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Breaking Barriers: Paving the Way for Gender Equality in the Business World

By- Rashika Aggarwal

Why is a woman given less credit for the same amount of work as done by men?

Why do people take gender into consideration whenever an economic decision has to be made?

Why being a woman is this feeling of powerlessness, discrimination and repression?

These are the questions that invade most female minds. And answer to these questions, they prevent the development of humankind.

For most of history, women have been neglected and so has their economic contribution.

It is a fact that 50% representation of women adds 35% to India's GDP.

From Kiran Mazumdar, the founder of Biocon, to Shahnaz Husain, the founder of The Shahnaz Husain Group and a Padma Shri awardee, women have now made their presence known on this earth.

Gender equality is, first and foremost, a human right. A woman is entitled to live in dignity and freedom. Empowering women is also an indispensable tool for advancing development and reducing poverty. And these empowered women contribute to the health and productivity of whole families and communities and improved prospects for the next generation.

The importance of gender equality is underscored by its inclusion as one of the eight Millennium Development Goals. Yet discrimination against women – including gender-based violence, economic discrimination, reproductive health inequities, and harmful traditional practices – remains the most pervasive and persistent form of inequality.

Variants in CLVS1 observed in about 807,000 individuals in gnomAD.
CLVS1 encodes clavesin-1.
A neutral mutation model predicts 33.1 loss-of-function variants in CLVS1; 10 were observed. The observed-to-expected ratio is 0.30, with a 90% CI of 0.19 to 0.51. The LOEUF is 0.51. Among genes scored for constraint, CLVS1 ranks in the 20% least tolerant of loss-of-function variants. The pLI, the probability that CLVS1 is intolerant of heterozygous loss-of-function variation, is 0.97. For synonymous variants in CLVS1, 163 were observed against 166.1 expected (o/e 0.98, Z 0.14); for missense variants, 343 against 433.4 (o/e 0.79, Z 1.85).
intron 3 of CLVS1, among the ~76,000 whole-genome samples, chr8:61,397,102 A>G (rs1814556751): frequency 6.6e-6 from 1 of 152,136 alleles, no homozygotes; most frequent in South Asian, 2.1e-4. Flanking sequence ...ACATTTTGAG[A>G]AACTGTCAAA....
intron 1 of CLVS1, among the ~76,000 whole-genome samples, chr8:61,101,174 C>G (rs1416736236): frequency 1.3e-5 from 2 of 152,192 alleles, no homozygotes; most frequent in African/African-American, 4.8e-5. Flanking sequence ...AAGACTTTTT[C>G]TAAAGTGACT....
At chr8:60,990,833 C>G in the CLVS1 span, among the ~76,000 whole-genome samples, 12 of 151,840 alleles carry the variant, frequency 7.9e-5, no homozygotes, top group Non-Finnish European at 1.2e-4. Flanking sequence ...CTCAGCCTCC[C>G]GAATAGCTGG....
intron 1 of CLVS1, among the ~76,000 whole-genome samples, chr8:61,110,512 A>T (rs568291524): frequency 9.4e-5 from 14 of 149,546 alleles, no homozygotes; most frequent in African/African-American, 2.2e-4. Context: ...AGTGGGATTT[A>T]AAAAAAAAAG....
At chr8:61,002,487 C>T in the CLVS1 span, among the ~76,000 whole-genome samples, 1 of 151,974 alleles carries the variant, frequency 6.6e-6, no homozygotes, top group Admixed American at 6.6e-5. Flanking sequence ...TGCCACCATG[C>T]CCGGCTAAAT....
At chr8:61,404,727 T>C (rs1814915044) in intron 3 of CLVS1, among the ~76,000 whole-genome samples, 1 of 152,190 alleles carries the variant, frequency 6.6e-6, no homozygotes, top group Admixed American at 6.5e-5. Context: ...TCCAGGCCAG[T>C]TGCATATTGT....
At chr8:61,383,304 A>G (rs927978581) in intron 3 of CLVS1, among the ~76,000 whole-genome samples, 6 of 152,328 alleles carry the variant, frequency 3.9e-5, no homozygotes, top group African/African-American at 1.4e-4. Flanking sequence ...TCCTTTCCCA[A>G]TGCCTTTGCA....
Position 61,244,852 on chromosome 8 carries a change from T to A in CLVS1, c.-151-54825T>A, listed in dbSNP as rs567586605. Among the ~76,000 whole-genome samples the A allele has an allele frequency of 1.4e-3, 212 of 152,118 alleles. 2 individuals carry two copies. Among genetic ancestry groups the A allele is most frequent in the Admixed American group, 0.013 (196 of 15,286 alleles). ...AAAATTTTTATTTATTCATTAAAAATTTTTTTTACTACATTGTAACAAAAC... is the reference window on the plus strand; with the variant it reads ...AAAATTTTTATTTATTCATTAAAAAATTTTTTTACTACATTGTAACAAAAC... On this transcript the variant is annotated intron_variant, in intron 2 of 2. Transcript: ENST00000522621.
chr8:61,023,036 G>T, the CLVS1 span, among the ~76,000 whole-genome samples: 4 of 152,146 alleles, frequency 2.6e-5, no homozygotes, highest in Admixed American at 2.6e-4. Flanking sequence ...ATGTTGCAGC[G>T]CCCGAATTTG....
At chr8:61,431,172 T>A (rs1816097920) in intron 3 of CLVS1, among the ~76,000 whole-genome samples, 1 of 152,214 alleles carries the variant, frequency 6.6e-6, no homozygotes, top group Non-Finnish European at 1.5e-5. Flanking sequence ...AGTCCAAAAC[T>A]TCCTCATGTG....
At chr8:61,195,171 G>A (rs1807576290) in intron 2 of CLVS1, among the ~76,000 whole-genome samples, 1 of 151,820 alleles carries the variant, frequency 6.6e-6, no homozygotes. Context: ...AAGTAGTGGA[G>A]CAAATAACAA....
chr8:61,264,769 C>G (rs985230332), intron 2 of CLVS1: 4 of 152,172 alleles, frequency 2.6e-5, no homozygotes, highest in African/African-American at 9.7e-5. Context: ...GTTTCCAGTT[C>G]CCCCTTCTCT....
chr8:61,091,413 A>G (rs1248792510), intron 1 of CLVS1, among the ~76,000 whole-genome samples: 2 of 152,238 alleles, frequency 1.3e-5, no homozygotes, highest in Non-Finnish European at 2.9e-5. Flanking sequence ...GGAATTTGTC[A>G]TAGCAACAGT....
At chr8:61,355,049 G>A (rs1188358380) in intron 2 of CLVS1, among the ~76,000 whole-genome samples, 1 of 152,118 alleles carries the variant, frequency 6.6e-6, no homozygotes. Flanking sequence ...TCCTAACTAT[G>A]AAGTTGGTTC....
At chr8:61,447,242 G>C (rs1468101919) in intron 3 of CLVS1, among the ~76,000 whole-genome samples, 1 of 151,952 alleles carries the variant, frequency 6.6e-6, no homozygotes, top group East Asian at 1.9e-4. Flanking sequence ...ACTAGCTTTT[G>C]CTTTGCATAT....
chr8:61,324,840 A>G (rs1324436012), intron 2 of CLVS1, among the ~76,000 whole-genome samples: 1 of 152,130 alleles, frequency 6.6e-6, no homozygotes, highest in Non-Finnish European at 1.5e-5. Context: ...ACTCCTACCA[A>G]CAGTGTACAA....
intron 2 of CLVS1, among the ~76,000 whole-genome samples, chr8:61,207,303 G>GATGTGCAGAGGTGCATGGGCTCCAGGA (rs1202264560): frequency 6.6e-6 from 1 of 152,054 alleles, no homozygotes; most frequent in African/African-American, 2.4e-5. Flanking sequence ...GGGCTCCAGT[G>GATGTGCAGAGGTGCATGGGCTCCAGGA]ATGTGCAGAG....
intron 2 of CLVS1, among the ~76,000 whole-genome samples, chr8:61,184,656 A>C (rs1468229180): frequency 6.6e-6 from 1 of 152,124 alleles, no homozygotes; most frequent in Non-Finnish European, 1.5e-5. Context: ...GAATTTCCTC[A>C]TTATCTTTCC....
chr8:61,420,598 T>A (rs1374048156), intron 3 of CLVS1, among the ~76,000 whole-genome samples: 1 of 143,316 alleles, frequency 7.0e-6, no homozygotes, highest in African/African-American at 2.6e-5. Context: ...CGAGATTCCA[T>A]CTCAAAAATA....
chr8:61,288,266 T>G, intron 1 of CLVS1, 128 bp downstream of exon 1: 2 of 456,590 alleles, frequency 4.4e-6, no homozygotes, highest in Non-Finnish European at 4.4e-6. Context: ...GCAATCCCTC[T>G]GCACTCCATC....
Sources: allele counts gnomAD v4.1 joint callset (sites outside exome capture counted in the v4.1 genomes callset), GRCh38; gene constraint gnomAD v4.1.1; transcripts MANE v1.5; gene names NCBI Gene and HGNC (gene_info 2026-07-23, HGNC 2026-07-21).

The promotion of female empowerment is often misunderstood these days as an attempt to abolish the power of man. But rather it simply intends to bring women ahead and let them stand as equal to men.

The first prime minister of India Jawahar Lal Nehru has remarked "when a woman moves forward, the family moves, the village moves and the nation moves”

Which is why, I believe that the first step towards development is the empowerment and equal status of women

Although women have great contributions to the socioeconomic development of the country, their paths are not free from hurdles.

Talking about India, even our country doesn't lack in cases of male dominance and patriarchal rule in society. In India, women used to have equal status as a man in the early Vedic period. In Vedic civilization, women were revered and valued not only as mothers who brought up new generations but also as individuals with immense ability to see the truth and contribute greatly to human society. But in the later stages, child marriages became prevalent and the ban on remarriage of widows too. There were customs made like Jauhar and Sati. However, almost all these old traditional problems have disappeared gradually from society but have given rise to other new issues. Women are continuously facing many problems even after having self-confidence, individuality, self-respect, personality, capacity, talent, and efficiency more than men. They are facing problems in their daily life even after they are given equal rights and opportunities like men by the Constitution of India.

It worries me to see that in developing countries, women are constrained by gender-based social norms and barriers.

According to studies, it has been observed that Women are very good entrepreneurs as they can maintain a work-life balance. They are necessary for the growth of any economy whether it is large or small. Gender equality is not only a fundamental human right but a necessary foundation for a peaceful, prosperous and sustainable world.

Whatever the field may be, people should be judged by their accomplishments and not by their gender. Ultimately, there needs to be a shift in how we think about and treat women in business roles. Being the future of the world, we as youth should create a mindset challenging stereotypes and work towards creating a working environment that allows everyone to thrive and progress. And although change is happening, more of it needs to come.


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